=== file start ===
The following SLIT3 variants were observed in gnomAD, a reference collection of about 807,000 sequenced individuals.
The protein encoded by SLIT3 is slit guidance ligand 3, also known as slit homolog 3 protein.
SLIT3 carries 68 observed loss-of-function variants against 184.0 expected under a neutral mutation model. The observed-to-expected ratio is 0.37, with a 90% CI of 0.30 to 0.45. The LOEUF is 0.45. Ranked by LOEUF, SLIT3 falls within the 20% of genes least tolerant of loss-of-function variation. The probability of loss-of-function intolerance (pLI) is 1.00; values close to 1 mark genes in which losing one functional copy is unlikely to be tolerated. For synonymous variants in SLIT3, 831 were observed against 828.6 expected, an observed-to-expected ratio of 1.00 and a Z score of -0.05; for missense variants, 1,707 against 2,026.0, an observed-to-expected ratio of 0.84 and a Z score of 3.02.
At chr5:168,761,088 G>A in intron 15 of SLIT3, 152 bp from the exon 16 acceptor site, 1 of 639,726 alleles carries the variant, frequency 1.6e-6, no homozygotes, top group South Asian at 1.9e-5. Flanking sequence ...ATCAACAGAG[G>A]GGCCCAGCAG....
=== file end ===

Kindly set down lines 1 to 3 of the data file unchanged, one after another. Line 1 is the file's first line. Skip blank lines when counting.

The following SLIT3 variants were observed in gnomAD, a reference collection of about 807,000 sequenced individuals.
The protein encoded by SLIT3 is slit guidance ligand 3, also known as slit homolog 3 protein.
SLIT3 carries 68 observed loss-of-function variants against 184.0 expected under a neutral mutation model. The observed-to-expected ratio is 0.37, with a 90% CI of 0.30 to 0.45. The LOEUF is 0.45. Ranked by LOEUF, SLIT3 falls within the 20% of genes least tolerant of loss-of-function variation. The probability of loss-of-function intolerance (pLI) is 1.00; values close to 1 mark genes in which losing one functional copy is unlikely to be tolerated. For synonymous variants in SLIT3, 831 were observed against 828.6 expected, an observed-to-expected ratio of 1.00 and a Z score of -0.05; for missense variants, 1,707 against 2,026.0, an observed-to-expected ratio of 0.84 and a Z score of 3.02.